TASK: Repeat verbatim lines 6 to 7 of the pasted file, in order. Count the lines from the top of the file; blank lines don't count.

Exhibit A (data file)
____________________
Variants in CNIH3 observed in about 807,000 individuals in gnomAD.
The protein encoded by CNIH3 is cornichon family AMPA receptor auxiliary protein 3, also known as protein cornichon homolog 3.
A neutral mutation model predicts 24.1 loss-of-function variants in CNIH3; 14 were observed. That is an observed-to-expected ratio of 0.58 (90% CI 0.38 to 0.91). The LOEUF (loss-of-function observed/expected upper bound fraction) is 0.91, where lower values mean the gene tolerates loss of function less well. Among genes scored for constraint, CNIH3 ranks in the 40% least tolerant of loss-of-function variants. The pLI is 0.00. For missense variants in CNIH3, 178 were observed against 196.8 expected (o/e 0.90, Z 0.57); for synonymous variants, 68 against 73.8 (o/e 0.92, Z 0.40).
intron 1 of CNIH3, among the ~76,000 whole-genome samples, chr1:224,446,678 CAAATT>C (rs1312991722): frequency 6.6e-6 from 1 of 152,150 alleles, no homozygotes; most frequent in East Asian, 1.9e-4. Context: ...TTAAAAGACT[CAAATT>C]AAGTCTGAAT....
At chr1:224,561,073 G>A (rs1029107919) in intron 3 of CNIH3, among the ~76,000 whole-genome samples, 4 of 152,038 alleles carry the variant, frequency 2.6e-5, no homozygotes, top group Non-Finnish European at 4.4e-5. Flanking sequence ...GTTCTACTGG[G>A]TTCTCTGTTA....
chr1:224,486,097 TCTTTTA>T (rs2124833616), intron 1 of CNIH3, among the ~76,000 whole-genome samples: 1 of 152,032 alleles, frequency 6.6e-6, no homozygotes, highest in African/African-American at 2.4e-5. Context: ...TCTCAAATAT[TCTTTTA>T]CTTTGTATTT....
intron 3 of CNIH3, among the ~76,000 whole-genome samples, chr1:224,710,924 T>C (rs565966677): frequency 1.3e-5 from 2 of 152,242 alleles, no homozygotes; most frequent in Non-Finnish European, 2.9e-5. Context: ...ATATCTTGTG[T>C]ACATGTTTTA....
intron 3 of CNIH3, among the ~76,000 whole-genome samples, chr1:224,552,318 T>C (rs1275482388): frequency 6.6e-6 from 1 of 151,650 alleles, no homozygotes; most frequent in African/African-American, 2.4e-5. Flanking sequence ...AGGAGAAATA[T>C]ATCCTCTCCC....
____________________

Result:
chr1:224,486,097 TCTTTTA>T (rs2124833616), intron 1 of CNIH3, among the ~76,000 whole-genome samples: 1 of 152,032 alleles, frequency 6.6e-6, no homozygotes, highest in African/African-American at 2.4e-5. Context: ...TCTCAAATAT[TCTTTTA>T]CTTTGTATTT....
intron 3 of CNIH3, among the ~76,000 whole-genome samples, chr1:224,710,924 T>C (rs565966677): frequency 1.3e-5 from 2 of 152,242 alleles, no homozygotes; most frequent in Non-Finnish European, 2.9e-5. Context: ...ATATCTTGTG[T>C]ACATGTTTTA....